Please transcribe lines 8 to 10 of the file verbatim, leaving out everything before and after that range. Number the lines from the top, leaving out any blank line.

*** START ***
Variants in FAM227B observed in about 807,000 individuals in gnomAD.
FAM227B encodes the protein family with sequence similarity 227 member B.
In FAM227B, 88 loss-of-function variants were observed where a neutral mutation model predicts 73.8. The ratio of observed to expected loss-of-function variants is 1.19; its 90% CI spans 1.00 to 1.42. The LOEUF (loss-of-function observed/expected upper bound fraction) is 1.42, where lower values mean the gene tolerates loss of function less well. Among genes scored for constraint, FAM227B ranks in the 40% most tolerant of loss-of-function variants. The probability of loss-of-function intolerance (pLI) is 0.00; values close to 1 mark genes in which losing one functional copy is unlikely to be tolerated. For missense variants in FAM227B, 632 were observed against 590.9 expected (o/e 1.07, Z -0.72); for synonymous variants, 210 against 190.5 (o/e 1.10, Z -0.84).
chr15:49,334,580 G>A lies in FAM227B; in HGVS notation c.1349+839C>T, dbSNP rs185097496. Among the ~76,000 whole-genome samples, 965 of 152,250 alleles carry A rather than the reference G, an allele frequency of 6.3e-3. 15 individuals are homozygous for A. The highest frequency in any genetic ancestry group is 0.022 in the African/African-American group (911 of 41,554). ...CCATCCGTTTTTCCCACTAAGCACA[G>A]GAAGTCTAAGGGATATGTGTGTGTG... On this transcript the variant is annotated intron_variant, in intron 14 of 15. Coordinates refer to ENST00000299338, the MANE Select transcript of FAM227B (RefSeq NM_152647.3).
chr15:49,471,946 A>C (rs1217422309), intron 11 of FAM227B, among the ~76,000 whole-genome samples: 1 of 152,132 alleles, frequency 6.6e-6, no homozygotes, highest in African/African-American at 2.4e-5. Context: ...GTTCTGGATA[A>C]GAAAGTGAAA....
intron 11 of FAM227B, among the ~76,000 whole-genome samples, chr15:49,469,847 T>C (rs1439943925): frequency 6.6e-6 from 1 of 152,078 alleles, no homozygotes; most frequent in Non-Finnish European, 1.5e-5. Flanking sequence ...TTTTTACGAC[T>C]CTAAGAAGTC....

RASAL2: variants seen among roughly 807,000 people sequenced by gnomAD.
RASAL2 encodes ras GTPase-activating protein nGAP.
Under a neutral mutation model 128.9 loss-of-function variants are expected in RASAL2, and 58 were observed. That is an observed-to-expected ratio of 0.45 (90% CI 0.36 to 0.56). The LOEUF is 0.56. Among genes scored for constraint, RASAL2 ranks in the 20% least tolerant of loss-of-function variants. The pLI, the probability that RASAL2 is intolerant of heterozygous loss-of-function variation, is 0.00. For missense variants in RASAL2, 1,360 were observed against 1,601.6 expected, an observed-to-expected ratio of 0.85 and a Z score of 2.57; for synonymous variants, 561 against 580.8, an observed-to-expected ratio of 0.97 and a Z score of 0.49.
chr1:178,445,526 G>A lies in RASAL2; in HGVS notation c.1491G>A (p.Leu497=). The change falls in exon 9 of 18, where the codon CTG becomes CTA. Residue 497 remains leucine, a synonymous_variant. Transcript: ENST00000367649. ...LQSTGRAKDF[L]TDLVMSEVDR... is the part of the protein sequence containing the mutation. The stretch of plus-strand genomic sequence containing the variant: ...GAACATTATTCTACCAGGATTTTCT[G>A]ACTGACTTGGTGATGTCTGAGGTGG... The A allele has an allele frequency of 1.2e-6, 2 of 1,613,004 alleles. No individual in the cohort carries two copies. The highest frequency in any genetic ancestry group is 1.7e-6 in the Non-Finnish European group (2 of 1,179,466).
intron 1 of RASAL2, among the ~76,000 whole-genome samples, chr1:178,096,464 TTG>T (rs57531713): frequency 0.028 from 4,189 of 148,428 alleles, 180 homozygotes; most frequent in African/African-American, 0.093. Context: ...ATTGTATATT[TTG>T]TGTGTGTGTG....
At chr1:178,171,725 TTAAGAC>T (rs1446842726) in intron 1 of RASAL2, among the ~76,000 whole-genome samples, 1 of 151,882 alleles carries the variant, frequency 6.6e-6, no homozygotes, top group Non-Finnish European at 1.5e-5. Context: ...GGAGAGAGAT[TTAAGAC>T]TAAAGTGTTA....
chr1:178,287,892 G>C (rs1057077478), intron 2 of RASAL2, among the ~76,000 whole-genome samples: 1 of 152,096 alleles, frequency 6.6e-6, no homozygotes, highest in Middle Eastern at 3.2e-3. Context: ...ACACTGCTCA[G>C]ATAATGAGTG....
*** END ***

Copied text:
RASAL2 encodes ras GTPase-activating protein nGAP.
Under a neutral mutation model 128.9 loss-of-function variants are expected in RASAL2, and 58 were observed. That is an observed-to-expected ratio of 0.45 (90% CI 0.36 to 0.56). The LOEUF is 0.56. Among genes scored for constraint, RASAL2 ranks in the 20% least tolerant of loss-of-function variants. The pLI, the probability that RASAL2 is intolerant of heterozygous loss-of-function variation, is 0.00. For missense variants in RASAL2, 1,360 were observed against 1,601.6 expected, an observed-to-expected ratio of 0.85 and a Z score of 2.57; for synonymous variants, 561 against 580.8, an observed-to-expected ratio of 0.97 and a Z score of 0.49.
chr1:178,445,526 G>A lies in RASAL2; in HGVS notation c.1491G>A (p.Leu497=). The change falls in exon 9 of 18, where the codon CTG becomes CTA. Residue 497 remains leucine, a synonymous_variant. Transcript: ENST00000367649. ...LQSTGRAKDF[L]TDLVMSEVDR... is the part of the protein sequence containing the mutation. The stretch of plus-strand genomic sequence containing the variant: ...GAACATTATTCTACCAGGATTTTCT[G>A]ACTGACTTGGTGATGTCTGAGGTGG... The A allele has an allele frequency of 1.2e-6, 2 of 1,613,004 alleles. No individual in the cohort carries two copies. The highest frequency in any genetic ancestry group is 1.7e-6 in the Non-Finnish European group (2 of 1,179,466).